As the first version OpenAR headset has validated the idea of an affordable augmented reality (AR) headset, with the OpenAR 2.0 headset, we focus on making the device modular, improving the ergonomics yet keeping it accessible to the open-source community. In this version, the headset is constructed by two main modules as showed in the image below: a computing module on the top and attached under it is a module for display. With this approach, OpenAR 2.0 headset can be configured or customised for more use cases.
For the computing module, we chose Raspberry Pi Zero as a platform for development due to its popularity and support from the communities, any board with similar size can also be mounted on this module, for example Radxa Zero or Orange Pi. To provide augmented reality experience, we are working on an add-on board for the Pi Zero, which includes a display driver, multiple batteries charging circuit, USB-C port, inertial measurement unit,…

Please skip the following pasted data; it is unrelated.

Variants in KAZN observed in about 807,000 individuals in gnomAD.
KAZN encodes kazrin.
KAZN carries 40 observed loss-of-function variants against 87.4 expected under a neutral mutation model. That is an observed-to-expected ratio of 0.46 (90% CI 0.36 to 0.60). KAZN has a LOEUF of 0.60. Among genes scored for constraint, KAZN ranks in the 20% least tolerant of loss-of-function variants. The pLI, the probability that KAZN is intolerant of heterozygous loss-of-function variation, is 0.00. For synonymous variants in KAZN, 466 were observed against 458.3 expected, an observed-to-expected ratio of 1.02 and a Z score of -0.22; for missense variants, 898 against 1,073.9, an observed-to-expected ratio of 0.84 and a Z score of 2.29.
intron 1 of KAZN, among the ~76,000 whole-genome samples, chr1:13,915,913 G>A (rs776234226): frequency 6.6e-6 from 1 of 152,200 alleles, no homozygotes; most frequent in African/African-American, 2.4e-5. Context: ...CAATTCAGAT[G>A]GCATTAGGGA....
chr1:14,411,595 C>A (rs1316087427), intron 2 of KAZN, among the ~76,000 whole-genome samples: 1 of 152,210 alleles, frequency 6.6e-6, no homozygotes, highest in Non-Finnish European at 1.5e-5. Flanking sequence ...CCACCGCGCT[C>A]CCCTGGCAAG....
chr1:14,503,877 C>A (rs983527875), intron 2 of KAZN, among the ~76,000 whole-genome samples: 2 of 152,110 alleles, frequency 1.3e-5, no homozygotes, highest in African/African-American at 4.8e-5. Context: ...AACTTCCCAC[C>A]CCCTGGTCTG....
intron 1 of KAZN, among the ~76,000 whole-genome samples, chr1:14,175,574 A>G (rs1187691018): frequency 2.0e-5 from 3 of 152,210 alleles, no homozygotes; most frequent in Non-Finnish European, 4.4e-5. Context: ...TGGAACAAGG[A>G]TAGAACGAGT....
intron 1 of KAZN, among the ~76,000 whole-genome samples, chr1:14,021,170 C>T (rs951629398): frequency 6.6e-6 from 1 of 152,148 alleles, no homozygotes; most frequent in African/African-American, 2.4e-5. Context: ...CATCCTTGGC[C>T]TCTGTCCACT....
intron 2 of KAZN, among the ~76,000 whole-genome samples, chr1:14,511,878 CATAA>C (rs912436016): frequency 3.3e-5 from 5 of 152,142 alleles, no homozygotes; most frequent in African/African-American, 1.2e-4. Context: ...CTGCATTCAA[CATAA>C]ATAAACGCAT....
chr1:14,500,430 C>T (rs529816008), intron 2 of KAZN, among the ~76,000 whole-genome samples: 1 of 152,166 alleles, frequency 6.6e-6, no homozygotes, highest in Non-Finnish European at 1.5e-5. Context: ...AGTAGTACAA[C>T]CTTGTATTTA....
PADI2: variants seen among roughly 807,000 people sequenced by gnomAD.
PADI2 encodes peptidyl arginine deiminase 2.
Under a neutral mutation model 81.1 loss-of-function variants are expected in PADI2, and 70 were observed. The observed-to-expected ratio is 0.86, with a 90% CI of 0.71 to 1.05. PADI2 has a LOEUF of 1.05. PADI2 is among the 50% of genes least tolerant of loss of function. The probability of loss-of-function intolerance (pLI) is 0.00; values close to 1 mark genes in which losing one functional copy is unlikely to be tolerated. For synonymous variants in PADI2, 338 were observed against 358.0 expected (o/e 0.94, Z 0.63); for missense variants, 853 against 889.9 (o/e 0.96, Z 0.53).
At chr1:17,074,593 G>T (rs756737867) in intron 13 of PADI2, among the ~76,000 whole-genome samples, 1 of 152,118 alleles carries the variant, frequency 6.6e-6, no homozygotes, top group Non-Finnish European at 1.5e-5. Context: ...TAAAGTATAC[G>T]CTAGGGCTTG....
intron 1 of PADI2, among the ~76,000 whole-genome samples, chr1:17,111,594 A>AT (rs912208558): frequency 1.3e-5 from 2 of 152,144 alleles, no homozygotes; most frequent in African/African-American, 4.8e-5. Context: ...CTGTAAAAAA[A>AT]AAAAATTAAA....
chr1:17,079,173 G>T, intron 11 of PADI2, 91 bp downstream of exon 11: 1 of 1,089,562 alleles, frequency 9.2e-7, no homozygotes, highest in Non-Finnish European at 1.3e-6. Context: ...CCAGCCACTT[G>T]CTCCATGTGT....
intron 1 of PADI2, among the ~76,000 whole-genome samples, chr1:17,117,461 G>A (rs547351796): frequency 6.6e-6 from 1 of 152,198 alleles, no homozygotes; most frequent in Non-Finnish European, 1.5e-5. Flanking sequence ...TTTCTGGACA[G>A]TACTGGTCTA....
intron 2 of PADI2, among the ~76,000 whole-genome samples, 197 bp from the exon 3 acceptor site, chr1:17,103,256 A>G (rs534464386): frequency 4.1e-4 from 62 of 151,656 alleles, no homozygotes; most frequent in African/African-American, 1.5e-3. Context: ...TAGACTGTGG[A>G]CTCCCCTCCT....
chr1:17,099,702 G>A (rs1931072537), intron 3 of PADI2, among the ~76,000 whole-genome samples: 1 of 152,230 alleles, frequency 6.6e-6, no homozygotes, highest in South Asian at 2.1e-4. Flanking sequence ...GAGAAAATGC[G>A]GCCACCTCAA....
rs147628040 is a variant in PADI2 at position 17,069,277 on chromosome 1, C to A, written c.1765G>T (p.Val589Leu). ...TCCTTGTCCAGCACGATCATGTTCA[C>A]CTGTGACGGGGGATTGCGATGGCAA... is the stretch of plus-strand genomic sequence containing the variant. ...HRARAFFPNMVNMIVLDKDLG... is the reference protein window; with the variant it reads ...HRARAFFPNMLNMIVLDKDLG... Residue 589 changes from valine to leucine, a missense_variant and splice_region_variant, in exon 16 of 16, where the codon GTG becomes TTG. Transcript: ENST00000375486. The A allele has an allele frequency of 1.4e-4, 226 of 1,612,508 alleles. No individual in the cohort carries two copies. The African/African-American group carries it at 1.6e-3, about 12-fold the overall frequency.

The display module is attached under the computing module and is basically a plate for mounting display. By separating the display module from the computing unit, different kinds of display can be adapted to OpenAR 2.0 headset. Currently, we are using a micro display as showed in the picture below. This module mounting can support 2 displays for stereoscopic vision with adjustable interpupillary distance.
With this modular approach, our goal is to make a more appealing open-source AR headset that is highly customisable for different use cases and budgets. To further expand the customisability, we are considering designing an external mounting system on the side of the headset for easily connecting input/output modules, for example, an infrared camera, speaker, laser rangefinder, or custom modules from the community, we would love to see more modules built by the open source community for the OpenAR headset.